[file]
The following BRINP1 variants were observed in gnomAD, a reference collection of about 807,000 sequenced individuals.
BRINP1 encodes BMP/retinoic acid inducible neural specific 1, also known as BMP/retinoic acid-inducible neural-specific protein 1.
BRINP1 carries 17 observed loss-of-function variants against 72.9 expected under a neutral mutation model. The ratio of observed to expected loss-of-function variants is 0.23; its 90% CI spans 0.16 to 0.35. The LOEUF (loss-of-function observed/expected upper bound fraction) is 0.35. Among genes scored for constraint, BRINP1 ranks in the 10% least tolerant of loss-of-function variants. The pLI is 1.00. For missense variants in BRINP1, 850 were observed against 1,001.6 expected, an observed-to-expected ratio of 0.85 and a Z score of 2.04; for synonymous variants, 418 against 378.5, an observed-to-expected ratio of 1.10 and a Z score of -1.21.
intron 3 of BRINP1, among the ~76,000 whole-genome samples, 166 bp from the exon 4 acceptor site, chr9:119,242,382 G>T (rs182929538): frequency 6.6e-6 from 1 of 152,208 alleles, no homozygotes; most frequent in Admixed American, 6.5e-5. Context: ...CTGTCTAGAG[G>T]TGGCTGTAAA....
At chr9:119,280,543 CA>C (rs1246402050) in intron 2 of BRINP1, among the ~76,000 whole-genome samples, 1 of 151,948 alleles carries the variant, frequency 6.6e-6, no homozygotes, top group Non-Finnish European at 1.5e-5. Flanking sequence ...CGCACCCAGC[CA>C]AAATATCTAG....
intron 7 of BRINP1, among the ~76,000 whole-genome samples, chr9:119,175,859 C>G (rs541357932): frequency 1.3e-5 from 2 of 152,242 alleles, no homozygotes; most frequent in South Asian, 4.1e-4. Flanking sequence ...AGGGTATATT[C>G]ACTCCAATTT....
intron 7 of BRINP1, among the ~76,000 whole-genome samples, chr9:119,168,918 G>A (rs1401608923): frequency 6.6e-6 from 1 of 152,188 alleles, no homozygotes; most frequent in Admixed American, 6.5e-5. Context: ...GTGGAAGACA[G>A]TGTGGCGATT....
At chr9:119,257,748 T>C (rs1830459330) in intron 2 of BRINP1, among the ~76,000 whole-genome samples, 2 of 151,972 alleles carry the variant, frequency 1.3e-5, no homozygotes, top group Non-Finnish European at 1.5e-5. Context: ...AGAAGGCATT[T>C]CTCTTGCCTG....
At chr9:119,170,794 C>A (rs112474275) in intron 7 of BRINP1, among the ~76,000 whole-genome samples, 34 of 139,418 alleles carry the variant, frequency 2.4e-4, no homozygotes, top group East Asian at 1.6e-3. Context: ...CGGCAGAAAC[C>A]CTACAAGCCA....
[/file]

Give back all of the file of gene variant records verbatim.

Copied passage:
The following BRINP1 variants were observed in gnomAD, a reference collection of about 807,000 sequenced individuals.
BRINP1 encodes BMP/retinoic acid inducible neural specific 1, also known as BMP/retinoic acid-inducible neural-specific protein 1.
BRINP1 carries 17 observed loss-of-function variants against 72.9 expected under a neutral mutation model. The ratio of observed to expected loss-of-function variants is 0.23; its 90% CI spans 0.16 to 0.35. The LOEUF (loss-of-function observed/expected upper bound fraction) is 0.35. Among genes scored for constraint, BRINP1 ranks in the 10% least tolerant of loss-of-function variants. The pLI is 1.00. For missense variants in BRINP1, 850 were observed against 1,001.6 expected, an observed-to-expected ratio of 0.85 and a Z score of 2.04; for synonymous variants, 418 against 378.5, an observed-to-expected ratio of 1.10 and a Z score of -1.21.
intron 3 of BRINP1, among the ~76,000 whole-genome samples, 166 bp from the exon 4 acceptor site, chr9:119,242,382 G>T (rs182929538): frequency 6.6e-6 from 1 of 152,208 alleles, no homozygotes; most frequent in Admixed American, 6.5e-5. Context: ...CTGTCTAGAG[G>T]TGGCTGTAAA....
At chr9:119,280,543 CA>C (rs1246402050) in intron 2 of BRINP1, among the ~76,000 whole-genome samples, 1 of 151,948 alleles carries the variant, frequency 6.6e-6, no homozygotes, top group Non-Finnish European at 1.5e-5. Flanking sequence ...CGCACCCAGC[CA>C]AAATATCTAG....
intron 7 of BRINP1, among the ~76,000 whole-genome samples, chr9:119,175,859 C>G (rs541357932): frequency 1.3e-5 from 2 of 152,242 alleles, no homozygotes; most frequent in South Asian, 4.1e-4. Flanking sequence ...AGGGTATATT[C>G]ACTCCAATTT....
intron 7 of BRINP1, among the ~76,000 whole-genome samples, chr9:119,168,918 G>A (rs1401608923): frequency 6.6e-6 from 1 of 152,188 alleles, no homozygotes; most frequent in Admixed American, 6.5e-5. Context: ...GTGGAAGACA[G>A]TGTGGCGATT....
At chr9:119,257,748 T>C (rs1830459330) in intron 2 of BRINP1, among the ~76,000 whole-genome samples, 2 of 151,972 alleles carry the variant, frequency 1.3e-5, no homozygotes, top group Non-Finnish European at 1.5e-5. Context: ...AGAAGGCATT[T>C]CTCTTGCCTG....
At chr9:119,170,794 C>A (rs112474275) in intron 7 of BRINP1, among the ~76,000 whole-genome samples, 34 of 139,418 alleles carry the variant, frequency 2.4e-4, no homozygotes, top group East Asian at 1.6e-3. Context: ...CGGCAGAAAC[C>A]CTACAAGCCA....